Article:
Reading through the article, I saw a common thread for most of the individuals who are struggling under the burden of debt - college. It seems that being a full-time college student puts you in more debt than you are able to pay with the job you get once you graduate.
I went to college and even grad school. But I wasn't the traditional student. For part of my college career, I worked full-time and attended school part time. Later, I stayed home to raise my children and took classes when I was able. I didn't get my undergraduate degree until I was 40. My diploma looks like any other graduate's diploma. You can't tell that I did it part time. The only difference, which you can't see, is that I did it debt free.
I was able to go to school and not incur any debt because I went on what I call the "pay as you go" plan. Unfortunately, there's a stigma to doing it this way. Those who have the privilege of going full time tend to look down on part-time students as "less than." It seems that the "best" way to do it is to live on campus, immerse yourself full-time in studies, and then party with your friends when you're not in class or working on assignments.
This inferior attitude was reinforced by a professor I had at my community college. He said we shouldn't have community colleges as they aren't "real" colleges. As he said that, I sat in my desk stunned. It was an evening class and I looked around at my classmates. I was sure that every single one of them had worked hard all day and were tired. Yet they took the time (time they could be home with their families, engaging in hobbies, watching television, spending time with friends) to grab a quick dinner and drive to the college where they would spend three hours sitting in an uncomfortable desk chair so that they could better themselves. They weren't doing it because their parents said they had to and I doubt any of them were borrowing thousands of dollars for the privilege. (And what was the professor saying about himself since he had to teach at an "substandard" institution?)
As I hear about young people borrowing thousands of dollars in order to live up to our society's expectations, it makes me sad - and angry. While I value education, I feel that young people are being duped into believing they must borrow money and go to college, because anything else makes them less valuable as human beings.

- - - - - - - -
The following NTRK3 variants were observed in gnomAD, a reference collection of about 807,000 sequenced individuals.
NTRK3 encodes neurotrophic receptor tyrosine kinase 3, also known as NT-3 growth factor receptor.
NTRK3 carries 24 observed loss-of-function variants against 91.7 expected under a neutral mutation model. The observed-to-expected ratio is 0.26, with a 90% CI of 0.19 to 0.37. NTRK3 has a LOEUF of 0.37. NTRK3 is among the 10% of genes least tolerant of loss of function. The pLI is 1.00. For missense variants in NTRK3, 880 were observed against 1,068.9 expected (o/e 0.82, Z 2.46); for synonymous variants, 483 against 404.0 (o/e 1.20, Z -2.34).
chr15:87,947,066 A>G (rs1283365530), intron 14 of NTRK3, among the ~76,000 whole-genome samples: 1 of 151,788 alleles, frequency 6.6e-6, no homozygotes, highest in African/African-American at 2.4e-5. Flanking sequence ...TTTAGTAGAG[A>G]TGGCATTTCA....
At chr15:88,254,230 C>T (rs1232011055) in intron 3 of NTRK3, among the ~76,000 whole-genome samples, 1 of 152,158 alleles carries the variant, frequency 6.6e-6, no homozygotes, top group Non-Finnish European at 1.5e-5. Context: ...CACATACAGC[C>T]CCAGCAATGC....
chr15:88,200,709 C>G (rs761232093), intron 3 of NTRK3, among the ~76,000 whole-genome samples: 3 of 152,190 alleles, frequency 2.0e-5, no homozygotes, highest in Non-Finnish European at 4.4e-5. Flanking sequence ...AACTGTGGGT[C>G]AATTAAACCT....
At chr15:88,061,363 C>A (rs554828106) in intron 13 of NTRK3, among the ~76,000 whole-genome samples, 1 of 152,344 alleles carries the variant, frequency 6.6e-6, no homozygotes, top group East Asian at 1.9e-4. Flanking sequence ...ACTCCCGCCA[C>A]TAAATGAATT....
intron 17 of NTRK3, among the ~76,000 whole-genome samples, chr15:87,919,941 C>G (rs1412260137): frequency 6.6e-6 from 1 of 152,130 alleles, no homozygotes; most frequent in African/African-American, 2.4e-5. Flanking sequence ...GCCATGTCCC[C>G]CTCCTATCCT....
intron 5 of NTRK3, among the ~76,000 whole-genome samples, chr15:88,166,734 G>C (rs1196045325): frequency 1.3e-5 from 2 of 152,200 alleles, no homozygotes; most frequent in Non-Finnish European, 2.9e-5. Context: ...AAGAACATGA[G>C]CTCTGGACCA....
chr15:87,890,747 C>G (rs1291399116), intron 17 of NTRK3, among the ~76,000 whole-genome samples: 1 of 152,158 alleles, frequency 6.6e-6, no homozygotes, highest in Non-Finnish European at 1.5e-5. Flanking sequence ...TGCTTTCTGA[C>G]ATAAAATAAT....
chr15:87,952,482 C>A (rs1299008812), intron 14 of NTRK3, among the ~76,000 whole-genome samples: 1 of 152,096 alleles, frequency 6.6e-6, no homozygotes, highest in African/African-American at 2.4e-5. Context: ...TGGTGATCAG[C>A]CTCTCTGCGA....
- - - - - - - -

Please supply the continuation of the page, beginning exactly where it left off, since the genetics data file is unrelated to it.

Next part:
While it would have been nice to have gotten my college education done in four years, as a young adult I knew I couldn't afford it. And fortunately for me the idea of borrowing money to go to school never occurred to me. I just knew if I was to realize my dream of getting a college degree that it would be a long road and that I would have to make personal sacrifices to do so.
It seems that it is now the norm for high school students to be taken by the hand and led through the maze of financial "assistance" which typically boils down to them taking out loans that will crush them for many years after they graduate. Questions about how much debt they will ultimately incur or whether they will realistically be able to pay it off rarely come up. They're just told they need to go to college to get a good job and this is the way those who are not wealthy (or aren't eligible for a full scholarship) must do it. Even those who get full scholarships often end up in debt because they still need money on which to live for those four (or more) years.
Again, I'm not saying I don't value education - I do. If I didn't, I wouldn't have spent 22 years of my life seeking it. What I am saying is that we need to stop making part-time college students seem as if they and their experience is substandard. And maybe we need to actually encourage students to get their degrees on a part-time basis and eschew the whole student loan experience. In fact, I've come to believe that getting a college degree the way I did can actually make one value the degree and the experience more than someone who simply signs on the dotted line and heads off for full time college experience. It's certainly a whole lot easier on your pocketbook.